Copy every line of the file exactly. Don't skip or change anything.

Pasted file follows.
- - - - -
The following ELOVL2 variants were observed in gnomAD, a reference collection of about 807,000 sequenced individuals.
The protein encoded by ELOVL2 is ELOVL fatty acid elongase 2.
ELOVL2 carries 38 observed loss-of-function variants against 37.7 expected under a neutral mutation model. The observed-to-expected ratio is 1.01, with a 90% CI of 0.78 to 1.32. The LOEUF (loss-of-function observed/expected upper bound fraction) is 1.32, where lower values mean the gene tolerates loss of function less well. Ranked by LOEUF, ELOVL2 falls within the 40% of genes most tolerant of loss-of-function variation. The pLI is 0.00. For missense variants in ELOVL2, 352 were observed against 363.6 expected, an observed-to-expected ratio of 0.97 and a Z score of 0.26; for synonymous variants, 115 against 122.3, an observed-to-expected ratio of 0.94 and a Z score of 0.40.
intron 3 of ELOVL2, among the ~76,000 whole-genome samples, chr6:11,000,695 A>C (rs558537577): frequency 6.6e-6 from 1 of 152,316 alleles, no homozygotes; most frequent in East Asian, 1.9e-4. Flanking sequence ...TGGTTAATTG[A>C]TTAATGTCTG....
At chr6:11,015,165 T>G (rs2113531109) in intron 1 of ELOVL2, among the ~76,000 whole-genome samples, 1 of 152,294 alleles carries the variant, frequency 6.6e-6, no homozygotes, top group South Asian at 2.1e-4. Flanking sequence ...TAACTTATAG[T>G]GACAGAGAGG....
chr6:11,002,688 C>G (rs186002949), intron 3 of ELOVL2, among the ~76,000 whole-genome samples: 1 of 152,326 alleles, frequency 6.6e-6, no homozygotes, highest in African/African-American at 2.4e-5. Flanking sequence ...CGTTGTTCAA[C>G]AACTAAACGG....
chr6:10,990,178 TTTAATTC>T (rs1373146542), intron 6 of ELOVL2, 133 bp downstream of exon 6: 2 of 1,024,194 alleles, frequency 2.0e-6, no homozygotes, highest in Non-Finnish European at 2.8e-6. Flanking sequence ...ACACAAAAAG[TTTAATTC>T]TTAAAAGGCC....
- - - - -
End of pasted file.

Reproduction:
The following ELOVL2 variants were observed in gnomAD, a reference collection of about 807,000 sequenced individuals.
The protein encoded by ELOVL2 is ELOVL fatty acid elongase 2.
ELOVL2 carries 38 observed loss-of-function variants against 37.7 expected under a neutral mutation model. The observed-to-expected ratio is 1.01, with a 90% CI of 0.78 to 1.32. The LOEUF (loss-of-function observed/expected upper bound fraction) is 1.32, where lower values mean the gene tolerates loss of function less well. Ranked by LOEUF, ELOVL2 falls within the 40% of genes most tolerant of loss-of-function variation. The pLI is 0.00. For missense variants in ELOVL2, 352 were observed against 363.6 expected, an observed-to-expected ratio of 0.97 and a Z score of 0.26; for synonymous variants, 115 against 122.3, an observed-to-expected ratio of 0.94 and a Z score of 0.40.
intron 3 of ELOVL2, among the ~76,000 whole-genome samples, chr6:11,000,695 A>C (rs558537577): frequency 6.6e-6 from 1 of 152,316 alleles, no homozygotes; most frequent in East Asian, 1.9e-4. Flanking sequence ...TGGTTAATTG[A>C]TTAATGTCTG....
At chr6:11,015,165 T>G (rs2113531109) in intron 1 of ELOVL2, among the ~76,000 whole-genome samples, 1 of 152,294 alleles carries the variant, frequency 6.6e-6, no homozygotes, top group South Asian at 2.1e-4. Flanking sequence ...TAACTTATAG[T>G]GACAGAGAGG....
chr6:11,002,688 C>G (rs186002949), intron 3 of ELOVL2, among the ~76,000 whole-genome samples: 1 of 152,326 alleles, frequency 6.6e-6, no homozygotes, highest in African/African-American at 2.4e-5. Flanking sequence ...CGTTGTTCAA[C>G]AACTAAACGG....
chr6:10,990,178 TTTAATTC>T (rs1373146542), intron 6 of ELOVL2, 133 bp downstream of exon 6: 2 of 1,024,194 alleles, frequency 2.0e-6, no homozygotes, highest in Non-Finnish European at 2.8e-6. Flanking sequence ...ACACAAAAAG[TTTAATTC>T]TTAAAAGGCC....